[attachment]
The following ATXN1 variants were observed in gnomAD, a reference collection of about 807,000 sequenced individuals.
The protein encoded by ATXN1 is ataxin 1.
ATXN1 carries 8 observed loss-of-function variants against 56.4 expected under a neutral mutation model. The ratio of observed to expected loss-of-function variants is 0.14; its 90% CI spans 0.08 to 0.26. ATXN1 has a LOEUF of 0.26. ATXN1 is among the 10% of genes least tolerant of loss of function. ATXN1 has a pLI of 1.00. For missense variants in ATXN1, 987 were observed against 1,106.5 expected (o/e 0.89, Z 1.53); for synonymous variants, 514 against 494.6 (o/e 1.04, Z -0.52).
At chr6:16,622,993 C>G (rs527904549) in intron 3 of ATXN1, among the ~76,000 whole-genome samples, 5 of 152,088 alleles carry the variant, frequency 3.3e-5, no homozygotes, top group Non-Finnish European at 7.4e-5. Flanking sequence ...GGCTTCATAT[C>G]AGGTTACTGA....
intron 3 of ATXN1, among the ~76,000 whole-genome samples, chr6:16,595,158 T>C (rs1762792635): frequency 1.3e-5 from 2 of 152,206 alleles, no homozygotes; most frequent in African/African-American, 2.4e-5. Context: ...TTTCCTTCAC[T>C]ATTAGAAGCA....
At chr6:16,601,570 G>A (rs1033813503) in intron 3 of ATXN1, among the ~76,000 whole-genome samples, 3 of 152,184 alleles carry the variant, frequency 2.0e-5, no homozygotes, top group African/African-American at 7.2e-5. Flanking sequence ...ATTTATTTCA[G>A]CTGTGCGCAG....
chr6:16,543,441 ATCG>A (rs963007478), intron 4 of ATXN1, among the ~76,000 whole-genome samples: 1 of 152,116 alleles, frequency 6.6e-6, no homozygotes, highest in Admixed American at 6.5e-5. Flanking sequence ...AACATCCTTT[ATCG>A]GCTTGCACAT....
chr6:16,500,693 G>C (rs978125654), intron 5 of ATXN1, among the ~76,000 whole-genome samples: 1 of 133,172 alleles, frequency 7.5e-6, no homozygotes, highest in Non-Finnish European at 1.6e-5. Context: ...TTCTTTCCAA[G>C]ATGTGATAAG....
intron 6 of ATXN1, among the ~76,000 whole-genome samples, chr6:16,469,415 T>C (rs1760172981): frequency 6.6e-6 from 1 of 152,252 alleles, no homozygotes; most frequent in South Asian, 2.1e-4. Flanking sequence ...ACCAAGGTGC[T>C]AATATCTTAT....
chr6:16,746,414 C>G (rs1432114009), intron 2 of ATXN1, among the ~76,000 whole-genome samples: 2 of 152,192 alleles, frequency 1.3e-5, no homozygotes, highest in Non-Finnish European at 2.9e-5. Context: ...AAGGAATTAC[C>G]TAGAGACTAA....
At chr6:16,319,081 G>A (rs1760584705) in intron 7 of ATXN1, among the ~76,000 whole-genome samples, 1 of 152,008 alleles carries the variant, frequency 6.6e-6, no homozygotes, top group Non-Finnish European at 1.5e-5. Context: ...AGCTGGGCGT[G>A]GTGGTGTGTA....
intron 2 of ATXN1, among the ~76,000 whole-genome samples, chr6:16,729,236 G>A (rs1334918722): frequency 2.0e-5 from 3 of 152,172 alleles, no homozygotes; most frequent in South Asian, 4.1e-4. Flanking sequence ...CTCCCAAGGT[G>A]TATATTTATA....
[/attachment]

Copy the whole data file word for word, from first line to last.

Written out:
The following ATXN1 variants were observed in gnomAD, a reference collection of about 807,000 sequenced individuals.
The protein encoded by ATXN1 is ataxin 1.
ATXN1 carries 8 observed loss-of-function variants against 56.4 expected under a neutral mutation model. The ratio of observed to expected loss-of-function variants is 0.14; its 90% CI spans 0.08 to 0.26. ATXN1 has a LOEUF of 0.26. ATXN1 is among the 10% of genes least tolerant of loss of function. ATXN1 has a pLI of 1.00. For missense variants in ATXN1, 987 were observed against 1,106.5 expected (o/e 0.89, Z 1.53); for synonymous variants, 514 against 494.6 (o/e 1.04, Z -0.52).
At chr6:16,622,993 C>G (rs527904549) in intron 3 of ATXN1, among the ~76,000 whole-genome samples, 5 of 152,088 alleles carry the variant, frequency 3.3e-5, no homozygotes, top group Non-Finnish European at 7.4e-5. Flanking sequence ...GGCTTCATAT[C>G]AGGTTACTGA....
intron 3 of ATXN1, among the ~76,000 whole-genome samples, chr6:16,595,158 T>C (rs1762792635): frequency 1.3e-5 from 2 of 152,206 alleles, no homozygotes; most frequent in African/African-American, 2.4e-5. Context: ...TTTCCTTCAC[T>C]ATTAGAAGCA....
At chr6:16,601,570 G>A (rs1033813503) in intron 3 of ATXN1, among the ~76,000 whole-genome samples, 3 of 152,184 alleles carry the variant, frequency 2.0e-5, no homozygotes, top group African/African-American at 7.2e-5. Flanking sequence ...ATTTATTTCA[G>A]CTGTGCGCAG....
chr6:16,543,441 ATCG>A (rs963007478), intron 4 of ATXN1, among the ~76,000 whole-genome samples: 1 of 152,116 alleles, frequency 6.6e-6, no homozygotes, highest in Admixed American at 6.5e-5. Flanking sequence ...AACATCCTTT[ATCG>A]GCTTGCACAT....
chr6:16,500,693 G>C (rs978125654), intron 5 of ATXN1, among the ~76,000 whole-genome samples: 1 of 133,172 alleles, frequency 7.5e-6, no homozygotes, highest in Non-Finnish European at 1.6e-5. Context: ...TTCTTTCCAA[G>C]ATGTGATAAG....
intron 6 of ATXN1, among the ~76,000 whole-genome samples, chr6:16,469,415 T>C (rs1760172981): frequency 6.6e-6 from 1 of 152,252 alleles, no homozygotes; most frequent in South Asian, 2.1e-4. Flanking sequence ...ACCAAGGTGC[T>C]AATATCTTAT....
chr6:16,746,414 C>G (rs1432114009), intron 2 of ATXN1, among the ~76,000 whole-genome samples: 2 of 152,192 alleles, frequency 1.3e-5, no homozygotes, highest in Non-Finnish European at 2.9e-5. Context: ...AAGGAATTAC[C>G]TAGAGACTAA....
At chr6:16,319,081 G>A (rs1760584705) in intron 7 of ATXN1, among the ~76,000 whole-genome samples, 1 of 152,008 alleles carries the variant, frequency 6.6e-6, no homozygotes, top group Non-Finnish European at 1.5e-5. Context: ...AGCTGGGCGT[G>A]GTGGTGTGTA....
intron 2 of ATXN1, among the ~76,000 whole-genome samples, chr6:16,729,236 G>A (rs1334918722): frequency 2.0e-5 from 3 of 152,172 alleles, no homozygotes; most frequent in South Asian, 4.1e-4. Flanking sequence ...CTCCCAAGGT[G>A]TATATTTATA....